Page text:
by Victoria Galvin
I’ve always loved a good story. But then, that’s hardly unusual. Everybody does; from the story your best friend is telling you about their latest disastrous dating experience, to the best-selling story that famous author wrote, which that famous director brought to film, with an inspired soundtrack written by that famous singer/songwriter. Society is built on the way we interact with one another – and one of the most basic ways of doing that is through the telling of stories.
But where did it all start?
But where did it all start?
My enduring fascination with this question was a big part of my decision to study Classical Studies at university, because it took me right back to the beginning of things – to the origins of Western culture. What’s stuck with me the most is the aetiology of literature. The basic genres and storylines we all know and love today were already being created by a civilisation that goes so far back into the mists of time, it hadn’t even discovered writing yet.
At this point I realise I’m starting to sound a bit like the beardy guy from Jurassic Park, but a little context never hurt anybody. Incidentally, if Romeo had been given a little more context concerning Juliet’s “death”, then their love story probably wouldn’t have ended up a tragedy. Then again, Shakespeare might never have found the inspiration for Romeo and Juliet if it hadn’t been for the influence of Greek tragedy (and comedy) from the 5th Century BC.
Anyway, back to the slightly more recent past. After graduating last year, I went on to study a Masters in Radio. I’d had a great time being involved in student radio during my undergrad degree, and, harbouring an irrational fear of “The Real World” (reinforced by the comparatively sheltered university lifestyle), I decided I’d like the chance to focus my career path a little more before surrendering myself to the cold dark of Unemployment (that one’s inspired by Gandalf).
And I’m so glad I did. Radio is, of course, at one of its most basic levels, just another medium for storytelling; and that is exactly why I love it. It’s the sheer pervasiveness of storytelling – through societies, through generations, through time – that I find amazing. And it’s something to which I have attempted to do justice in my own radio work.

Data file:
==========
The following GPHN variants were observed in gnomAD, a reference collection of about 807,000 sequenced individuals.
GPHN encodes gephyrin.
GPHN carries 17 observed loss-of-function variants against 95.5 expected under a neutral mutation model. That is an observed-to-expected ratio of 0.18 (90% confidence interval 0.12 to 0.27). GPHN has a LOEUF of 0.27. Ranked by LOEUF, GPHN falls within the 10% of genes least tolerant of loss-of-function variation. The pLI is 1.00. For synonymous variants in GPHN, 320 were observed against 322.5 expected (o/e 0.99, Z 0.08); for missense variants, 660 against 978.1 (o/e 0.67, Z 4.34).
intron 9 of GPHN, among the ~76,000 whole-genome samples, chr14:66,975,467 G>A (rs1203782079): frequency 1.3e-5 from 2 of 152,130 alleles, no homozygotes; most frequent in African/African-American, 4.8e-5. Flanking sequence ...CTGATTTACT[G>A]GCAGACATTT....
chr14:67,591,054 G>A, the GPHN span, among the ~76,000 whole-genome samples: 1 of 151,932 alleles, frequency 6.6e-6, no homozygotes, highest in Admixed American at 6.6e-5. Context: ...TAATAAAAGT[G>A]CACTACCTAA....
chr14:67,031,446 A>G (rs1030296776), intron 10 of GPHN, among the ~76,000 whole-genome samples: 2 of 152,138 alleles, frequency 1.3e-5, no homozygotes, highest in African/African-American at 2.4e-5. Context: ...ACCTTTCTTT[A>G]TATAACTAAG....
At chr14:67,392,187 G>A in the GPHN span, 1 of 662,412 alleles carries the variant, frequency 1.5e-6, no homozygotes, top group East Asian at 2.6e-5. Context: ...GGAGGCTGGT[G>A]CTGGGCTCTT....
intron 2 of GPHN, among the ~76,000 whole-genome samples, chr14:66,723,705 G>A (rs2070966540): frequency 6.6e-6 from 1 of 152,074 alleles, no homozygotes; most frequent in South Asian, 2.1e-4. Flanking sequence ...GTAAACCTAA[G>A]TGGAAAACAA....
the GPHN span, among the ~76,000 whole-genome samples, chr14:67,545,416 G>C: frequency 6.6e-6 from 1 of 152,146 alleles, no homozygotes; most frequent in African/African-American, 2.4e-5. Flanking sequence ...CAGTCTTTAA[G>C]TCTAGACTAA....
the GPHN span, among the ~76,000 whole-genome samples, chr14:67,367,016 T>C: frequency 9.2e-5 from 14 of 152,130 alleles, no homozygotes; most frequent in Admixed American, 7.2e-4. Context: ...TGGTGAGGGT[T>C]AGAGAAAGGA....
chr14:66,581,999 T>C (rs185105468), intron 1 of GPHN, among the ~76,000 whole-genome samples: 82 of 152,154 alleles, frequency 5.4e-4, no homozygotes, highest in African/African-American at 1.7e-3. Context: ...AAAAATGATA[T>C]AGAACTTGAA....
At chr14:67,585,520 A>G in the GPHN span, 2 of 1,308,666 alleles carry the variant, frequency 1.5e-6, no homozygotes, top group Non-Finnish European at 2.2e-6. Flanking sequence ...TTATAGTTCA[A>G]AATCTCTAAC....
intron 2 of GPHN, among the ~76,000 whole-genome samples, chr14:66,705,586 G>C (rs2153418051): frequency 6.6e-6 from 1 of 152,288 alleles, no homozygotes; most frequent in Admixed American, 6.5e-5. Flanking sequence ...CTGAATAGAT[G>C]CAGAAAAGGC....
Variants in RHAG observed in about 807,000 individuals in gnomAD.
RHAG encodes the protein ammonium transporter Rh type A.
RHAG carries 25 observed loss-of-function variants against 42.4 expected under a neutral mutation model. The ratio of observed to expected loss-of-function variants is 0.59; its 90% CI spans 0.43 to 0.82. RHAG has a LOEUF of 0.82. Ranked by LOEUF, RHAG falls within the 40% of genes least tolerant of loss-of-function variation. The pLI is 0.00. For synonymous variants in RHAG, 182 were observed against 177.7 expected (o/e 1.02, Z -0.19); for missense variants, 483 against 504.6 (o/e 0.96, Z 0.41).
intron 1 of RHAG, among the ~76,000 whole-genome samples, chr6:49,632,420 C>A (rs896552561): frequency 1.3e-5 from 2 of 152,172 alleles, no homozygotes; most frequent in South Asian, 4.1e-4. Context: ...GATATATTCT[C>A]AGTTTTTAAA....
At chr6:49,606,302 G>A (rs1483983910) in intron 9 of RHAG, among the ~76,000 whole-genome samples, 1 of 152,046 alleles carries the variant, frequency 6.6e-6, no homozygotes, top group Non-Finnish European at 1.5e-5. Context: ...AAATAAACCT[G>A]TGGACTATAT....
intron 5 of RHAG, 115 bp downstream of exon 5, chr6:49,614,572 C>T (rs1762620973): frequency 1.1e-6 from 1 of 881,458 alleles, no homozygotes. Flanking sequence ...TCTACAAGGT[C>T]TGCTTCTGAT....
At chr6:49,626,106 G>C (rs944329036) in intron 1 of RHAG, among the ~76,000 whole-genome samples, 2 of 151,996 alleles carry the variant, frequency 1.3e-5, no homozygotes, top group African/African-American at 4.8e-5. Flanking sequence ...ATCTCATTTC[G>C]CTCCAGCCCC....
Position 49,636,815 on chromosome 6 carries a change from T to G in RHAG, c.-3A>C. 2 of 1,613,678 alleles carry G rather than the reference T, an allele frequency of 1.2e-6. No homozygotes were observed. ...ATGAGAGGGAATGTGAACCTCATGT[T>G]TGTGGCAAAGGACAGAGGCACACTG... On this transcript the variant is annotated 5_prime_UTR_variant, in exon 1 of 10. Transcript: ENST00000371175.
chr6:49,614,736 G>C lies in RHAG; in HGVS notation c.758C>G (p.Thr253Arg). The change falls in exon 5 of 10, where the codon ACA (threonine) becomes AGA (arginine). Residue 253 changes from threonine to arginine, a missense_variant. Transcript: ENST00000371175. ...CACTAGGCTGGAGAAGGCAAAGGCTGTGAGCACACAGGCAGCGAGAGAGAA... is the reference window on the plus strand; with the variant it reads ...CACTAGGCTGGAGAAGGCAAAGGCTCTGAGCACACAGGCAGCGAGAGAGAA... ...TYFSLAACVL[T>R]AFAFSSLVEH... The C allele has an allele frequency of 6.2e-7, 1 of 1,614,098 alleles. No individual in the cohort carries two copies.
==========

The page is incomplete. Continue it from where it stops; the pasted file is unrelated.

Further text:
For our final creative radio production this year, we were given the task of making a fifteen minute feature on absolutely anything we wanted. We were of course strongly advised to keep a few ideas floating about in our minds, just in case plan A didn’t work out – we might not have been able to get all the interviews we wanted, or it might turn out that the idea just wouldn’t translate well for a radio piece. That’s exactly what had happened to me for one of my previous creative pieces (a word of advice – just because somebody has fantastic facial hair does not mean they have a story to tell). But this time I had no plan B, because this time I was going to do a feature on storytelling – and what could possibly go wrong with that?
The truth is, a lot could have gone wrong. Luck plays a big part and, well, luckily I was lucky. What I wanted to do was convey the beauty of storytelling in all its different forms. I interviewed four very talented storytellers, all of whom tell their stories in very different ways. The feature is by no means an all-encompassing expression of every single type of storytelling there is; I’d need closer to fifteen hours rather than fifteen minutes for that – but it’s a start. Storytelling is all about inspiration, influence, imagination. I myself was inspired by these four artists to make this feature – my own sort of story, about storytelling.
I hope that, in some way, it inspires you too.